Italy government

Italy. The government crisis means uncertainty for the future of citizenship law

Over the past 20 years several attempts have been made to reform Italian citizenship law, all of which have failed. Along with the end of Draghi’s government, the latest Italian political crisis has again put an end to such attempts.

Based on the so-called ius scholae model, the last attempt introduced the possibility of granting Italian citizenship to foreign children who have regularly attended school in Italy for at least one school cycle for at least five years. This pathway would be available to children born in Italy to foreign parents legally present in the country, and to children who were not born in Italy but entered the country before the age of 12. Built around the two concepts of attenuated soil juice (which is highly contested by right-wing parties) and ius culturae (which shifts the focus of the residence towards the educational and cultural links of migrant children), this trajectory proposal represented the final compromise between several proposals presented in 2019.

The most so-called associations and networks of “second generation” immigrants (who have strongly advocated for citizenship reform) welcomed the final version of the proposal, while pointing out some of its shortcomings (see, for example, comments from the new second-generation network”Rete per la riforma della cittadinanza‘). If adopted, the reform would have affected an estimated number of at least 280,000 children (other sources give higher estimates).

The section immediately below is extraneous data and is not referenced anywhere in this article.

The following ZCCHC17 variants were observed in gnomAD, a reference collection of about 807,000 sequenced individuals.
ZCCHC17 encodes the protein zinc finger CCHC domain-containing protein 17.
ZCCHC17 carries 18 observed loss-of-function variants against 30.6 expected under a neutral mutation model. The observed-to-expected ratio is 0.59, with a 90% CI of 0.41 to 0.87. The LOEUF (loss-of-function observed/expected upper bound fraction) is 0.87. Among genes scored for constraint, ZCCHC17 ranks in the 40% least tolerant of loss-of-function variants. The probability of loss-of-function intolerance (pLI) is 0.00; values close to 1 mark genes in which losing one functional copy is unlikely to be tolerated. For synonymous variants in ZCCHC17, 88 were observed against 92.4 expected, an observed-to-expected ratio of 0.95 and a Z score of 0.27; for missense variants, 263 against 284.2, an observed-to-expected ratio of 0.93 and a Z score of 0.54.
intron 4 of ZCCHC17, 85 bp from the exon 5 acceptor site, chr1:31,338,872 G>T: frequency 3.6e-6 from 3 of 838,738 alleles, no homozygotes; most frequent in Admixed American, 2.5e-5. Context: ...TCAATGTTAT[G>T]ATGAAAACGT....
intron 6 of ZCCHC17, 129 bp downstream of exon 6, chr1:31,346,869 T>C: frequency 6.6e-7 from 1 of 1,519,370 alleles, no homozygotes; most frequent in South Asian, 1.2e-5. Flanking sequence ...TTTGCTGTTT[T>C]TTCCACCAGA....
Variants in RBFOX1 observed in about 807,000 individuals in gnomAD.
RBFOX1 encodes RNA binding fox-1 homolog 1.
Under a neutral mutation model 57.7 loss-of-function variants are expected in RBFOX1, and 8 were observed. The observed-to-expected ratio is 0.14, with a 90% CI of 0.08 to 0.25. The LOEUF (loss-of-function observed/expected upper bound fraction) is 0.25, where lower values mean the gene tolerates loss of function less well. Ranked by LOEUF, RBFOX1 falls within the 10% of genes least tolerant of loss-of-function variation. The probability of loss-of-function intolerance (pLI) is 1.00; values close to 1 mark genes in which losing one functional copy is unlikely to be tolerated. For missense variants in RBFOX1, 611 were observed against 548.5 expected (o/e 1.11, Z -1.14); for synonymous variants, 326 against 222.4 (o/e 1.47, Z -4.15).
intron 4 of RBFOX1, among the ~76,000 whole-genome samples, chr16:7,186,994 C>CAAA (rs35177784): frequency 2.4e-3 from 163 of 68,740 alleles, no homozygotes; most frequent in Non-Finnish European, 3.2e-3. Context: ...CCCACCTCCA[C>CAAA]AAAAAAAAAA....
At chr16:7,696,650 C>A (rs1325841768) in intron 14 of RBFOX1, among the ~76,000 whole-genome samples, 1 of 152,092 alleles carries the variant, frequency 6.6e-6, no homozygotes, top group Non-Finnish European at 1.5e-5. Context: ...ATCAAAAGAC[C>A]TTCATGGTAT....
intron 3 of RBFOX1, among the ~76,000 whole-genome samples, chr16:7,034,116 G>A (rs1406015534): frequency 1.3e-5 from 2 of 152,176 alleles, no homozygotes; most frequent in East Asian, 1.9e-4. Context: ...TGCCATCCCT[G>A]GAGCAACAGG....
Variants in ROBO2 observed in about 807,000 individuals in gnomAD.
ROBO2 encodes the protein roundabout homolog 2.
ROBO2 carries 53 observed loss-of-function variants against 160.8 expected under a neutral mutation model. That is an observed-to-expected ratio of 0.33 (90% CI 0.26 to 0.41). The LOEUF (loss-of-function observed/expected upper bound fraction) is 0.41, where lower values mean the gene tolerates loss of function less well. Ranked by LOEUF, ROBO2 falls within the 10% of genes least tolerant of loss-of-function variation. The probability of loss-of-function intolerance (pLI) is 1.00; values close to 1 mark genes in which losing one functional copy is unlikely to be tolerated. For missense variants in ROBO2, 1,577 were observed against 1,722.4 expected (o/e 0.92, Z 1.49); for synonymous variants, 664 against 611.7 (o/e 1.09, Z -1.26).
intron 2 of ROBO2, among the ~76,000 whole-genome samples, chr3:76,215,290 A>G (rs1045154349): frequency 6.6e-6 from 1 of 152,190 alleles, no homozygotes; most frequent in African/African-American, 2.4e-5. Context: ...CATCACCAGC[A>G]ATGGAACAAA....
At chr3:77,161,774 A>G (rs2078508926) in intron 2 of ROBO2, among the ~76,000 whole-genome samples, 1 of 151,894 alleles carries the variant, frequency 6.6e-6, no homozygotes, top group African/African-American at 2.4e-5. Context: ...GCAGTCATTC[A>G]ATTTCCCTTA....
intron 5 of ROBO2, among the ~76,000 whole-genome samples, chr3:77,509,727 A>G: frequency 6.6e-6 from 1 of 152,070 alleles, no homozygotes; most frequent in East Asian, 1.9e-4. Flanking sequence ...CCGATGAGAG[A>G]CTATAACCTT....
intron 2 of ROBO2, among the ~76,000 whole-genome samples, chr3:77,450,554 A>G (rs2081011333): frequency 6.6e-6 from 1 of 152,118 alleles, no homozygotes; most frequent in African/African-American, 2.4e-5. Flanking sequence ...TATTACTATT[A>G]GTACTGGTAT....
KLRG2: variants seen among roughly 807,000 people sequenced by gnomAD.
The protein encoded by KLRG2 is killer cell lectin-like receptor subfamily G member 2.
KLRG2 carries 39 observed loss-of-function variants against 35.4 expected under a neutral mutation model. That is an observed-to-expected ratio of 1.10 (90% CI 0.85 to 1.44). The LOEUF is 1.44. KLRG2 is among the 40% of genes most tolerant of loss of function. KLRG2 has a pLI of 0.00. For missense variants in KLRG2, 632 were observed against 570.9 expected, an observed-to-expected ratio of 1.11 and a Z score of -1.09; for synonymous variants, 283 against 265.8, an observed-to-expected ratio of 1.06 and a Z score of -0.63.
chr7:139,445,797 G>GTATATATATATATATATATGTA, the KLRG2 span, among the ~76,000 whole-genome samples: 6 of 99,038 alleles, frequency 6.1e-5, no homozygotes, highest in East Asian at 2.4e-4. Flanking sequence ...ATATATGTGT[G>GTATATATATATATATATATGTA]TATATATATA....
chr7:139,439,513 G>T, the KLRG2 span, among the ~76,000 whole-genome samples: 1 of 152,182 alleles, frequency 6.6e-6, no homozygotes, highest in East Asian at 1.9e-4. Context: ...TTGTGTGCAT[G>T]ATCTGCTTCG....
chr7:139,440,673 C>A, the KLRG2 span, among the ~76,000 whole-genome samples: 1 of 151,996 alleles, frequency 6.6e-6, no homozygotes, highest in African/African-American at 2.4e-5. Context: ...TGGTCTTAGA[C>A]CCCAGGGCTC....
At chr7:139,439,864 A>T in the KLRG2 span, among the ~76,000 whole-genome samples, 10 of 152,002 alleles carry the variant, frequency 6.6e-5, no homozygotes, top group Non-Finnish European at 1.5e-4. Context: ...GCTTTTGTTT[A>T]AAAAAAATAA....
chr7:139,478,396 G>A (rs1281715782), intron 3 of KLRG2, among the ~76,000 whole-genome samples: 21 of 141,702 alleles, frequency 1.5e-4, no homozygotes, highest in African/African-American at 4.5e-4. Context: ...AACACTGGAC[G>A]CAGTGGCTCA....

According to data collected by the Italian Ministry of Education and analyzed by CRC Group’s recent “Monitoring Report on the Implementation of the United Nations Convention on the Rights of the Child”, approximately 877,000 non-Italian pupils have enrolled in the school during the 2019/2020 school year. Between 2015 and 2020, the number of students of non-Italian nationality born in Italy rose from 478,000 to almost 574,000 (+20% approximately).

The unexpected government crisis and the call for new elections to be held on September 25 this year have frozen all efforts to push for reform. However, the issue has not completely disappeared from public debate. For the first time, the idea of ius scholae on the basis of the final text of the reform was included in three of the four electoral manifestos presented by the main parties to participate in the September elections (Democratic Partythe centrist coalition, Azione and Italia Viva and Movimento Cinque Stelle.

In the (most likely) event of a victory for the far right, the chances of such a reform passing could be at rock bottom. Unsurprisingly, however, the issue is less controversial in public opinion than it first appears: according to an ActionAid survey in June, 6 out of 10 respondents favor the ius scholae reform – a broad consensus front that transcends party affiliations. Italian politicians may not be ready to push for citizenship reform, but more than half the country – including citizens and non-citizens – would welcome it.